Avosentan Helps Cut Albumin Excretion in Some Diabetics
MONDAY, Feb. 16 (HealthDay News) -- In patients with diabetic nephropathy and macroalbuminuria, treatment with avosentan in combination with standard therapy significantly decreases the urinary albumin excretion rate, according to a study published ahead of print Jan. 14 in the Journal of the American Society of Nephrology.
Psychiatric Problems Common in Teen Transplant Recipients
FRIDAY, Feb. 13 (HealthDay News) -- Adolescent renal transplant recipients are more likely to have learning disabilities, social competence problems and psychiatric problems than healthy adolescents, according to the results of a study published online Oct. 7 in advance of publication in Pediatric Transplantation.
Care Coordination Programs Don't Benefit Medicare Patients
TUESDAY, Feb. 10 (HealthDay News) -- For Medicare beneficiaries with chronic illnesses, most care coordination programs have little impact on reducing hospitalizations and costs or improving quality of care, according to a report published in the Feb. 11 issue of the Journal of the American Medical Association.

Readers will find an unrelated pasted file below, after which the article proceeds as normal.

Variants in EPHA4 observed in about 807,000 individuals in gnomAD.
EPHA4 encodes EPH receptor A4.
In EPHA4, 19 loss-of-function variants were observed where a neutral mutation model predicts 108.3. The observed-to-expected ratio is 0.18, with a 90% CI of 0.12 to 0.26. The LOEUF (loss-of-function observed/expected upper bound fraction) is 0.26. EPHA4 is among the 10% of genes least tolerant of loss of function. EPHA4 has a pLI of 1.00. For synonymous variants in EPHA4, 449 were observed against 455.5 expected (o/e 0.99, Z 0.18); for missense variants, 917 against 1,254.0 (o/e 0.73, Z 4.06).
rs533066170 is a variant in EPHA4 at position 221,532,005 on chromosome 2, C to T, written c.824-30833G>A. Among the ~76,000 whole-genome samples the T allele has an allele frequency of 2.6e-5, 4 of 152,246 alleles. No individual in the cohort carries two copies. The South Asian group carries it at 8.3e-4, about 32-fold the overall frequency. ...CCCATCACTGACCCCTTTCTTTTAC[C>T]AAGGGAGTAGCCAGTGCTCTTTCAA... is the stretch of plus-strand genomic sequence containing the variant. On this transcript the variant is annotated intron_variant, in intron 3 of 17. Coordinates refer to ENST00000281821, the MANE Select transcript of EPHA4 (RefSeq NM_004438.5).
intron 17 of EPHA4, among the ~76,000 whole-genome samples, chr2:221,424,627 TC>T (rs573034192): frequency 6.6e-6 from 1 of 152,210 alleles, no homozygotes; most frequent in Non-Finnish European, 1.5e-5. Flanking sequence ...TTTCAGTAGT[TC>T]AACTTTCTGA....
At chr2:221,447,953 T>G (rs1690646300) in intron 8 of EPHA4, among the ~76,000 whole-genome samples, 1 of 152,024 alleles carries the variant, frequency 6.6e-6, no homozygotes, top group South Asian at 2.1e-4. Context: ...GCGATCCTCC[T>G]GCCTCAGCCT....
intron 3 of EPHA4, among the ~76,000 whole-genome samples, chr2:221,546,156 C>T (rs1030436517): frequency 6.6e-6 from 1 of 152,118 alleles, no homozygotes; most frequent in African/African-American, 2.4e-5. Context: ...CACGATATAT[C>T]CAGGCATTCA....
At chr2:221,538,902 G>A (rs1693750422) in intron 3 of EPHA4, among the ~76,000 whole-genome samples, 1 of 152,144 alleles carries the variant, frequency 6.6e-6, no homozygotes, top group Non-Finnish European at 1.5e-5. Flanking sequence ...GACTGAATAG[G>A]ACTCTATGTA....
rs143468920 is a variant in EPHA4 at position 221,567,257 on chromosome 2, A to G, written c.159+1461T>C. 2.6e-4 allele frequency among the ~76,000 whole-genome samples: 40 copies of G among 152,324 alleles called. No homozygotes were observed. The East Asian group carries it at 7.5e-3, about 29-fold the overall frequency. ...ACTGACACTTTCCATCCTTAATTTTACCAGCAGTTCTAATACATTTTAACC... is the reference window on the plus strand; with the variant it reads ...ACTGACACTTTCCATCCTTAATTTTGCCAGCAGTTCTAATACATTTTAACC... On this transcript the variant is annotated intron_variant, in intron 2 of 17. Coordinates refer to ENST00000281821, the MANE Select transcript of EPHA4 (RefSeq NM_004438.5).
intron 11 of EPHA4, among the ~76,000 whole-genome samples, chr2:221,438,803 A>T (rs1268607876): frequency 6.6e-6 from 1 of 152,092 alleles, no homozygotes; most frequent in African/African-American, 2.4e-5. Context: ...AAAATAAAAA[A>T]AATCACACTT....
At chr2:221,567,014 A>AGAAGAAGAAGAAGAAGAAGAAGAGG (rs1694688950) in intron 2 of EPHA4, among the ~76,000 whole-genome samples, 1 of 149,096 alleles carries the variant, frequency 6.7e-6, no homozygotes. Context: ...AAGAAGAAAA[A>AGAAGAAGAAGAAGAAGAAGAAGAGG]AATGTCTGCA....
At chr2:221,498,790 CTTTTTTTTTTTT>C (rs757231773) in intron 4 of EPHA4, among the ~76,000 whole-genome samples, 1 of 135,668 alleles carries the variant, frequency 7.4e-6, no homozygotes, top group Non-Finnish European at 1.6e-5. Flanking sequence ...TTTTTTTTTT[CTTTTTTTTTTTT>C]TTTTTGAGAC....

Baby Formula with Melamine Linked to Urinary Tract Stones
WEDNESDAY, Feb. 4 (HealthDay News) -- Exposure to infant formula contaminated with melamine was associated with kidney stones in children in China, Hong Kong and Taiwan, though conventional signs and symptoms of nephrolithiasis were lacking, according to a study and two letters published online Feb. 4 in the New England Journal of Medicine.
Renal Failure, Contrast Agent Linked to Systemic Fibrosis
WEDNESDAY, Feb. 4 (HealthDay News) -- Awareness of risk factors involved in the suspected link between nephrogenic systemic fibrosis (NSF) and gadolinium-based contrast agent (GBCA) may help clinicians reduce the risk of this condition in patients, according to research published in the February issue of Radiology.
High Altitudes Linked to Fewer Deaths in Dialysis Patients
TUESDAY, Feb. 3 (HealthDay News) -- Dialysis patients at higher altitudes have lower death rates, even lower than the general population, researchers report in the Feb. 4 issue of the Journal of the American Medical Association.